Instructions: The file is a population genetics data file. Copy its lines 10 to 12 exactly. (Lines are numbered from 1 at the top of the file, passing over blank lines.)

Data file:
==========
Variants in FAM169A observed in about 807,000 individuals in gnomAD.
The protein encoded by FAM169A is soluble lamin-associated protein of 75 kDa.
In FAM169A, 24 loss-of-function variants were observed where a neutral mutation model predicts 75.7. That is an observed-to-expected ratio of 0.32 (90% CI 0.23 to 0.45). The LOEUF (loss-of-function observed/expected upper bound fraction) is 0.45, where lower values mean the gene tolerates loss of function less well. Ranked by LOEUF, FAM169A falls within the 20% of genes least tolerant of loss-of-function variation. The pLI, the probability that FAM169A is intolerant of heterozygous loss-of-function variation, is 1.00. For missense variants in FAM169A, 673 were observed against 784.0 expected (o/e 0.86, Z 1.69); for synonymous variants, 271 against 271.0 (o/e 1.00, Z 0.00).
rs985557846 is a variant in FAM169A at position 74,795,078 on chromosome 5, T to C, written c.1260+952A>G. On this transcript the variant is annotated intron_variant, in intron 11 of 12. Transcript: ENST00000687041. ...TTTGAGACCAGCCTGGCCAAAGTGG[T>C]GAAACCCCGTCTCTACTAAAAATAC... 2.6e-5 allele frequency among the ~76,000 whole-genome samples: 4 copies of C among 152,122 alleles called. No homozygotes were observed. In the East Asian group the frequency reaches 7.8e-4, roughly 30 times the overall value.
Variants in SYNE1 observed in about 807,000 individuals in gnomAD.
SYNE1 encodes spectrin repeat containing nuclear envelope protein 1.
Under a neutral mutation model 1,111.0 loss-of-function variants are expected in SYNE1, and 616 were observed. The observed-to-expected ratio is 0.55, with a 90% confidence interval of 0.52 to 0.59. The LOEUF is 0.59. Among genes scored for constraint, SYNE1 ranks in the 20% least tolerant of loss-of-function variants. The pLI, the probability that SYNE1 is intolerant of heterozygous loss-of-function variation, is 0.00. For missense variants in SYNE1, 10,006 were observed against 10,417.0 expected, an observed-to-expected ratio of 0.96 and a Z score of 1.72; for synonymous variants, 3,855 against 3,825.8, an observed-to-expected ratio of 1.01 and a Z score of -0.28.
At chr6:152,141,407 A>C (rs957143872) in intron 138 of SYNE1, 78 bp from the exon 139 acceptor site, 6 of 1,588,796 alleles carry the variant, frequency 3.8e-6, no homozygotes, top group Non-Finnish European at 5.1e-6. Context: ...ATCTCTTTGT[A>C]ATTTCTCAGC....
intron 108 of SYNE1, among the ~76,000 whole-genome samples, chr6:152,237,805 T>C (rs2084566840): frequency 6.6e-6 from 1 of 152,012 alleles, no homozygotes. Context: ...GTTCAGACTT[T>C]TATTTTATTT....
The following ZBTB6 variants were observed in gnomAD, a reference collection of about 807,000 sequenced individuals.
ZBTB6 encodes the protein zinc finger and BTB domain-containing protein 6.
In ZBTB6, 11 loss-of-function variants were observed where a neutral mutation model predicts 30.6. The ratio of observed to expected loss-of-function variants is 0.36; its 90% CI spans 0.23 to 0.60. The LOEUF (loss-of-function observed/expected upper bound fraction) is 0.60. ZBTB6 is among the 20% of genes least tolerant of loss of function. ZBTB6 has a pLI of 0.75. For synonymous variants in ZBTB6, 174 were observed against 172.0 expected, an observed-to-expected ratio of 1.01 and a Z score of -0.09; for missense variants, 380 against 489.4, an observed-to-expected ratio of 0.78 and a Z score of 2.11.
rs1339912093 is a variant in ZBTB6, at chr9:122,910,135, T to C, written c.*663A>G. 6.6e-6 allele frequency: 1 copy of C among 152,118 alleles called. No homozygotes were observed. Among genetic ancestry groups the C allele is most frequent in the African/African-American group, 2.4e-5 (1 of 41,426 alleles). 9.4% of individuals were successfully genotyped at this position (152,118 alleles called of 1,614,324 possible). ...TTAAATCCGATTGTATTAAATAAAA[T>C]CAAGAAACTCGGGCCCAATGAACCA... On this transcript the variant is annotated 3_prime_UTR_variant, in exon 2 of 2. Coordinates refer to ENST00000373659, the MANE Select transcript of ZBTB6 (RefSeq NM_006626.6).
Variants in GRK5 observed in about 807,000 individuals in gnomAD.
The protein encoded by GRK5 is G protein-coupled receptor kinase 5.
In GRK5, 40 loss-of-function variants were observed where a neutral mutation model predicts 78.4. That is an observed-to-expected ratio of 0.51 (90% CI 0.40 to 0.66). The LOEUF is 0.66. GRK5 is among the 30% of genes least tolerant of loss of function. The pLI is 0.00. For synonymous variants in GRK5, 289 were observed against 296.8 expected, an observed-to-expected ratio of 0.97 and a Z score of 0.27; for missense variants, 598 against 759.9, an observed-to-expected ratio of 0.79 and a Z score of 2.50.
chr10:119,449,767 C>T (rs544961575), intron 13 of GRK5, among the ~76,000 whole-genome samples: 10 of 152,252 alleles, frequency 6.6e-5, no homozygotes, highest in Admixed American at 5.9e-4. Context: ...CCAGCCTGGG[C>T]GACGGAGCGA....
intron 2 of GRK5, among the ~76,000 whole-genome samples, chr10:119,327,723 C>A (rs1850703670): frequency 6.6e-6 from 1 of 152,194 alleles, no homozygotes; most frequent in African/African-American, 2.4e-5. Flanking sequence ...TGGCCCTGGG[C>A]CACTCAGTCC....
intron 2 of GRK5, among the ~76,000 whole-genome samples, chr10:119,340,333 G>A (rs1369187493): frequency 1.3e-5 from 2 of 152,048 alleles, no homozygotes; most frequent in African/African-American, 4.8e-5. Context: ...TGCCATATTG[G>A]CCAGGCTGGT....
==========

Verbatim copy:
The following ZBTB6 variants were observed in gnomAD, a reference collection of about 807,000 sequenced individuals.
ZBTB6 encodes the protein zinc finger and BTB domain-containing protein 6.
In ZBTB6, 11 loss-of-function variants were observed where a neutral mutation model predicts 30.6. The ratio of observed to expected loss-of-function variants is 0.36; its 90% CI spans 0.23 to 0.60. The LOEUF (loss-of-function observed/expected upper bound fraction) is 0.60. ZBTB6 is among the 20% of genes least tolerant of loss of function. ZBTB6 has a pLI of 0.75. For synonymous variants in ZBTB6, 174 were observed against 172.0 expected, an observed-to-expected ratio of 1.01 and a Z score of -0.09; for missense variants, 380 against 489.4, an observed-to-expected ratio of 0.78 and a Z score of 2.11.